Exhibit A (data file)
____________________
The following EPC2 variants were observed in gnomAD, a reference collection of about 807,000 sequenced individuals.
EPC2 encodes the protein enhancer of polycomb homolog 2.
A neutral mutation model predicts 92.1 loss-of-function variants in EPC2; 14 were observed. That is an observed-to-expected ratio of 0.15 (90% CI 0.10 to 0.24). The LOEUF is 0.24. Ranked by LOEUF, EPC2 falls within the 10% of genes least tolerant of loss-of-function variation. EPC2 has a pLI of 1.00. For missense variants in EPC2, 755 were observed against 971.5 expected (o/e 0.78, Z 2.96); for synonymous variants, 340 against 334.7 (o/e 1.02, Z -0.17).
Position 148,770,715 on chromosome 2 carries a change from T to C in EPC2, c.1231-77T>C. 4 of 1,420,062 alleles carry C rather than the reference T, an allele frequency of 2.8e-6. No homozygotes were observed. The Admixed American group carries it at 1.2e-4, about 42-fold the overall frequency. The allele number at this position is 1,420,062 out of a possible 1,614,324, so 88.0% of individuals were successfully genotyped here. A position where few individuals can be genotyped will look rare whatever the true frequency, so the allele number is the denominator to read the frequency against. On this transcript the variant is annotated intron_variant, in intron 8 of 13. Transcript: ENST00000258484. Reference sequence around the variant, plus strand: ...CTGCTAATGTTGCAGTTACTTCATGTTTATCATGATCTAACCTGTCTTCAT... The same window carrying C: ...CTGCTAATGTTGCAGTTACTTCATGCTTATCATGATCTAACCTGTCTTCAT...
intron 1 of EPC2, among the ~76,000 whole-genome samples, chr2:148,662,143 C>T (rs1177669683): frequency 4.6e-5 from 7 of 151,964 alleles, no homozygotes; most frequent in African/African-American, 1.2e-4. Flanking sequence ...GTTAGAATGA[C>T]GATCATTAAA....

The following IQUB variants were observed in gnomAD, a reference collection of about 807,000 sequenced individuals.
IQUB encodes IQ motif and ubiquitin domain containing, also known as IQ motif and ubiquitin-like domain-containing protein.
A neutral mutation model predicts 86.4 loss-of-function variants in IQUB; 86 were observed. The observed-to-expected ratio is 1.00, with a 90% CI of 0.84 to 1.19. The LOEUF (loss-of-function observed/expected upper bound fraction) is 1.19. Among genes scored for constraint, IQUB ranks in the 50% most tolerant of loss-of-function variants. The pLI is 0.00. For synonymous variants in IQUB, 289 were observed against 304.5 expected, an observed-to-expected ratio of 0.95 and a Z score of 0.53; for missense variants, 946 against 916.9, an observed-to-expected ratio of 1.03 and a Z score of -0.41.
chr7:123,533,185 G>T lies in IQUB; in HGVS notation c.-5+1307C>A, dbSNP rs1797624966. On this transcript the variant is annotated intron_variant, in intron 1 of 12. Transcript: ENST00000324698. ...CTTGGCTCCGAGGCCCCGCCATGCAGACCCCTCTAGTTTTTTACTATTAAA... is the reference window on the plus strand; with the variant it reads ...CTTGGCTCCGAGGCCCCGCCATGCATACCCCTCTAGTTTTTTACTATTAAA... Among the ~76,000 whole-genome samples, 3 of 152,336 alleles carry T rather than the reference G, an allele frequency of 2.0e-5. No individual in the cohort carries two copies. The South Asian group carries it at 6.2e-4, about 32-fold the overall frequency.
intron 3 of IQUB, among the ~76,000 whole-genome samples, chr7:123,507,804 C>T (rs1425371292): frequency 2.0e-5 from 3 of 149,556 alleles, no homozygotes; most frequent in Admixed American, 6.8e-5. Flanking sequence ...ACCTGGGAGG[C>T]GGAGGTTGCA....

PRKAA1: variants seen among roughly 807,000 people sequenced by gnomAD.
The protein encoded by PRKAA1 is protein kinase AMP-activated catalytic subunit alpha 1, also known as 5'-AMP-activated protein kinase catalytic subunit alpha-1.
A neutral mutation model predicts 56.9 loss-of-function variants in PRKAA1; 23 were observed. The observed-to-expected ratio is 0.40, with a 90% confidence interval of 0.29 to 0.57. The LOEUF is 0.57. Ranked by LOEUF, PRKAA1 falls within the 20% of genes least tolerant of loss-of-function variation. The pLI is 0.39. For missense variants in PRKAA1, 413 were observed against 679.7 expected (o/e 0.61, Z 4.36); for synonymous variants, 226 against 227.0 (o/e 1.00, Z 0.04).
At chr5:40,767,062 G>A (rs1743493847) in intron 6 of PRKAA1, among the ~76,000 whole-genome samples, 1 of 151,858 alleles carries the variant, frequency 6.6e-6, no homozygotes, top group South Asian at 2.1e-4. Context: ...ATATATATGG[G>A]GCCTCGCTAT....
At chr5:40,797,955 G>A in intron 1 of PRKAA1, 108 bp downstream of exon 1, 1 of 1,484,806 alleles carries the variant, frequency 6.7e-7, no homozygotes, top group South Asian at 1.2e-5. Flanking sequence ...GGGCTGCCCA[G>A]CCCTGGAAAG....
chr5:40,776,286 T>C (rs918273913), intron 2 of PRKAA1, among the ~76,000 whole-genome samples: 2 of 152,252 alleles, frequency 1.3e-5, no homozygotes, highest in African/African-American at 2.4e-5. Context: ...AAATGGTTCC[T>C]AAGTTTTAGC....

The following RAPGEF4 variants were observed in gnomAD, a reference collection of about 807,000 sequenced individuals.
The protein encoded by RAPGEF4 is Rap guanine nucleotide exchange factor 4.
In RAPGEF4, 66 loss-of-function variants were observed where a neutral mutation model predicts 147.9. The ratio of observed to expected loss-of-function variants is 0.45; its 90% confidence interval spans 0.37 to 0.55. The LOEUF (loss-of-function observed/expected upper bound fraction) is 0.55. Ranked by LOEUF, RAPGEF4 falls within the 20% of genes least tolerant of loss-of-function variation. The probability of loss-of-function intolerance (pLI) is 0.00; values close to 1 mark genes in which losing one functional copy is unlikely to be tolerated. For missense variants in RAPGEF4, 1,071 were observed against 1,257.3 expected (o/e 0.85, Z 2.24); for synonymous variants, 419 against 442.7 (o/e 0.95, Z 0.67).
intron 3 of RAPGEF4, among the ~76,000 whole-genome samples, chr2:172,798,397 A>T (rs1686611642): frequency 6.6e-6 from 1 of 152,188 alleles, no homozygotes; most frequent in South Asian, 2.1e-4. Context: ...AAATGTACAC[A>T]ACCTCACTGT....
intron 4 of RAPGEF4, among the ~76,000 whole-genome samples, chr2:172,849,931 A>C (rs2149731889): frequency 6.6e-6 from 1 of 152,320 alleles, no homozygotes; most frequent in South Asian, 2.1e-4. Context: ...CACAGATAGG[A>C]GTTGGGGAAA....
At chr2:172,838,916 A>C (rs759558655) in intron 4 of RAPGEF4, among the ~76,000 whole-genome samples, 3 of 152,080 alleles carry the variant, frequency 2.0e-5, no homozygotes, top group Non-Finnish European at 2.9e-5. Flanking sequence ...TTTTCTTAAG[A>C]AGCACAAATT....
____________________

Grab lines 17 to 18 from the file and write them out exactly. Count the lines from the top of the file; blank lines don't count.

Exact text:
The following RAPGEF4 variants were observed in gnomAD, a reference collection of about 807,000 sequenced individuals.
The protein encoded by RAPGEF4 is Rap guanine nucleotide exchange factor 4.